About September 2010
James C. Scott’s 1999 book Seeing Like a State has had an enduring influence across the ideological spectrum, and particularly in an unexpected corner — among market liberals. Although Scott has described himself, somewhat cryptically, as a “crude Marxist, with the emphasis on ‘crude,’” it is clear that his work does not fit merely the Marxist paradigm. Though empirically based in peasant studies in Southeast Asia, Scott’s insights have applications throughout the modern industrial world, and for economies both planned and spontaneous. (Our banner art, depicting a rice paddy viewed from the air, pays tribute to this aspect of Scott’s career.)
Indeed, affinities can be seen between Professor Scott’s work and theorists as diverse as Jane Jacobs and Michel Foucault, to say nothing of Friedrich Hayek and the rest of the Austrian School of Economics. Scott’s thesis is startlingly simple: States can only exert their power on what they can know about. Knowing requires measuring, systematizing, and simplifying.
It requires, in other words, missing out on a lot of particular local data. Strategies of resistance to state power often take these gaps as their starting point, and problems with state rule often begin here as well. The state itself to a high degree may be said to run on legibility — the ability to know what’s really going on in a governed population or territory. Legibility, however, is in limited supply, and it comes at a cost.
Joining in our conversation this month are Donald J. Boudreaux, an economist at George Mason University; J. Bradford Delong, an economist at the University of California, Berkeley; and Timothy B. Lee, a scholar at Center for Information Technology Policy at Princeton University and a Cato Adjunct Scholar.
In his lead essay, James C. Scott reviews some of the key concepts from his seminal book Seeing Like a State. For a state to exercise its power across a large population, it must simplify, codify, and and regularize local practices. This process of flattening, or of making local practice “legible,” is not without costs. In the past, states have quite literally missed the forest — with many different valuable products, including food, shelter, medicines, and clothing — for the trees, or timber, that they contain. And that is not the least of states’ errors in this regard; even in the twentieth century, high modern building practices and management techniques have neglected local variation and local knowledge, often to the detriment of state and non-state actors alike. These faults are regular, predictable, and worthy of further study. Provocatively, Scott closes his essay with a warning: Large actors in a market will often find themselves seeing like a state, too.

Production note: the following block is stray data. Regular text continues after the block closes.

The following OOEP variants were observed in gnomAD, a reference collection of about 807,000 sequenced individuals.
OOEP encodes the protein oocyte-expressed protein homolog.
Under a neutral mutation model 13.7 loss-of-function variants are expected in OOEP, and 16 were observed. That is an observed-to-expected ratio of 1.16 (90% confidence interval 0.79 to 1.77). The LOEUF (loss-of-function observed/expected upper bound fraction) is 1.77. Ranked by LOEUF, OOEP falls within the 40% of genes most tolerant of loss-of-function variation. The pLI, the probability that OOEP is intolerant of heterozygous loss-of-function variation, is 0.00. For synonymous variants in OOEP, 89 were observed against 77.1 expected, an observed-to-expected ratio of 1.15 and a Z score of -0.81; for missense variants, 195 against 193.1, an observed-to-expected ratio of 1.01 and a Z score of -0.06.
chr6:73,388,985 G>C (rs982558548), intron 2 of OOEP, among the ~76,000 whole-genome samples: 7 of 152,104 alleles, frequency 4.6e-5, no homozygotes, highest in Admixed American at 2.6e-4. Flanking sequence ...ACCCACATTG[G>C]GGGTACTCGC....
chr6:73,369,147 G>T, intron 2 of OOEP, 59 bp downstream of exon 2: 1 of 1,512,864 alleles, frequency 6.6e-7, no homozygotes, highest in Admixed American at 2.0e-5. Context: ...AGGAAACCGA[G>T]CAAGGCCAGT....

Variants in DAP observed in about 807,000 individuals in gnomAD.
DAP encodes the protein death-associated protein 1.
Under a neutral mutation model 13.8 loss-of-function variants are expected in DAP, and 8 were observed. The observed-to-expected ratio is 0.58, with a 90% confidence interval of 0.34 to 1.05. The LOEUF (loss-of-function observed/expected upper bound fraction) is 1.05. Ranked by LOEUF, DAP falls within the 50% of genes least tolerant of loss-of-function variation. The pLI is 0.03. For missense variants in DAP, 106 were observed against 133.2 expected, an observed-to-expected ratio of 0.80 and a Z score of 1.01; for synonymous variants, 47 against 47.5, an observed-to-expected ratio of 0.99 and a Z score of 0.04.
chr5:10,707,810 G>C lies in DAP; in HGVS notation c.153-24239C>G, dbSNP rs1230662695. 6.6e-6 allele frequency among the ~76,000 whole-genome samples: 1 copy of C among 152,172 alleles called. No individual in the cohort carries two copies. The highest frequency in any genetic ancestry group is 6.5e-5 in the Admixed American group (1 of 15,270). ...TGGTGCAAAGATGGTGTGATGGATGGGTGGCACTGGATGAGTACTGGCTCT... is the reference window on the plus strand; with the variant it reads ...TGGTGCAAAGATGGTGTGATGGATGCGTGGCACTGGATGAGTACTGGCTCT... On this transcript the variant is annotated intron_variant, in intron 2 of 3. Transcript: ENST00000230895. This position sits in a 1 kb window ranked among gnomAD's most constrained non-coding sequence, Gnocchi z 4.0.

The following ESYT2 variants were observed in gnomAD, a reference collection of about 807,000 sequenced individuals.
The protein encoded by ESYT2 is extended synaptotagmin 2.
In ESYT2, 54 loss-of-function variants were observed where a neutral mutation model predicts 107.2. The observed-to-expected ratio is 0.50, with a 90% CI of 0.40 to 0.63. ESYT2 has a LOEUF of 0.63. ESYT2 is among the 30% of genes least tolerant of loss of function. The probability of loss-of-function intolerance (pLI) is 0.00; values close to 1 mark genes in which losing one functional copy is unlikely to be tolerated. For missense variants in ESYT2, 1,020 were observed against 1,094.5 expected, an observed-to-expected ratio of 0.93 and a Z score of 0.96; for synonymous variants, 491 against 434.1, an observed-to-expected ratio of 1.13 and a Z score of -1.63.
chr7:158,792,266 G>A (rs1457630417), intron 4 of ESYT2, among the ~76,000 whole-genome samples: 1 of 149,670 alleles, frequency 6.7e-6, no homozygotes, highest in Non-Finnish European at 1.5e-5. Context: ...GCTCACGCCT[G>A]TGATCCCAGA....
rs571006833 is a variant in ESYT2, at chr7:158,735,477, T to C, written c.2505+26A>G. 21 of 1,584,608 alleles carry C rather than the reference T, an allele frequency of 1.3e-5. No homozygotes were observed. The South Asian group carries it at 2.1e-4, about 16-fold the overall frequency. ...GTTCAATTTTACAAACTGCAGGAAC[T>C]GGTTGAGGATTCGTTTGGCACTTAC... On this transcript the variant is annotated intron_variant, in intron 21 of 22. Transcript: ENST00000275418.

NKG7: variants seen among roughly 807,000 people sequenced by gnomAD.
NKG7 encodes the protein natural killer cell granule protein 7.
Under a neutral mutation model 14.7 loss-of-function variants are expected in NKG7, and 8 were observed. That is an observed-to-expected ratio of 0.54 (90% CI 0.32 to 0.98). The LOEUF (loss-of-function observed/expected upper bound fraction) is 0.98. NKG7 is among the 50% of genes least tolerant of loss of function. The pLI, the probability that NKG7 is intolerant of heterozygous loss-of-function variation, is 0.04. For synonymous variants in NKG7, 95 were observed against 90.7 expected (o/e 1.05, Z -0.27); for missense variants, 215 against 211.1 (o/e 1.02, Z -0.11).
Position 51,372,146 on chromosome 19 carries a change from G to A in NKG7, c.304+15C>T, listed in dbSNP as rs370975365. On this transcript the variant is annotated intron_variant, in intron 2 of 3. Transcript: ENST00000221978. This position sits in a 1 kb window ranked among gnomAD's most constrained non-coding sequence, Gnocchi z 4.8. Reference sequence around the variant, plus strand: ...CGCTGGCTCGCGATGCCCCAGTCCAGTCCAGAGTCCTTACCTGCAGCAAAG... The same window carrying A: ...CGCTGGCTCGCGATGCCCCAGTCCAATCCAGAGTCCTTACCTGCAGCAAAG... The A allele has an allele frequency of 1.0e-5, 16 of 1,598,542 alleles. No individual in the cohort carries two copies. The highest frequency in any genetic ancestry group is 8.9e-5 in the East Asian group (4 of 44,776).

Donald J. Boudreaux considers the upside of widely legible information. While local knowledge and local resistance strategies may be lost, the ability of entrepreneurs to collaborate with one another over long distances expands. Ideas translate more easily and can more easily encounter other ideas, leading to innovation. Although some libertarians may find it uncomfortable, the rise of the modern state with its standardization procedures may have sped the process along, helping the Industrial Revolution to take place. Boudreaux cites the Social Security number as a threatening-but-useful example of state-based legibility co-opted for commercial purposes.
Timothy B. Lee notes that many aspects of information technology policy are deeply implicated in the process of “seeing like a state.” Despite their rhetoric of private property, patents, copyrights, and other forms of intellectual property can act largely as transfers of wealth from ordinary people (be they peasants or consumers of digital media) to those who are most closely aligned to the state. This is a deeply illiberal result and one that libertarians should be especially wary of.
Brad DeLong sees both strengths and weaknesses in the state’s ability to survey civil society. With the help of an extended example from late Roman times, he argues that states can offer no protection against local disorder when they cannot see the localities and peoples they propose to protect.
Yet a legible civil society is also prey to the state’s own “fits of ideological terror, or even clumsy thumb-fingeredness,” he argues, suggesting that legibility may be orthogonal to liberty. Ultimately, a state that fosters a robust civil society, while contenting itself with simply watching its growth, may be best of all, even if it is unlikely.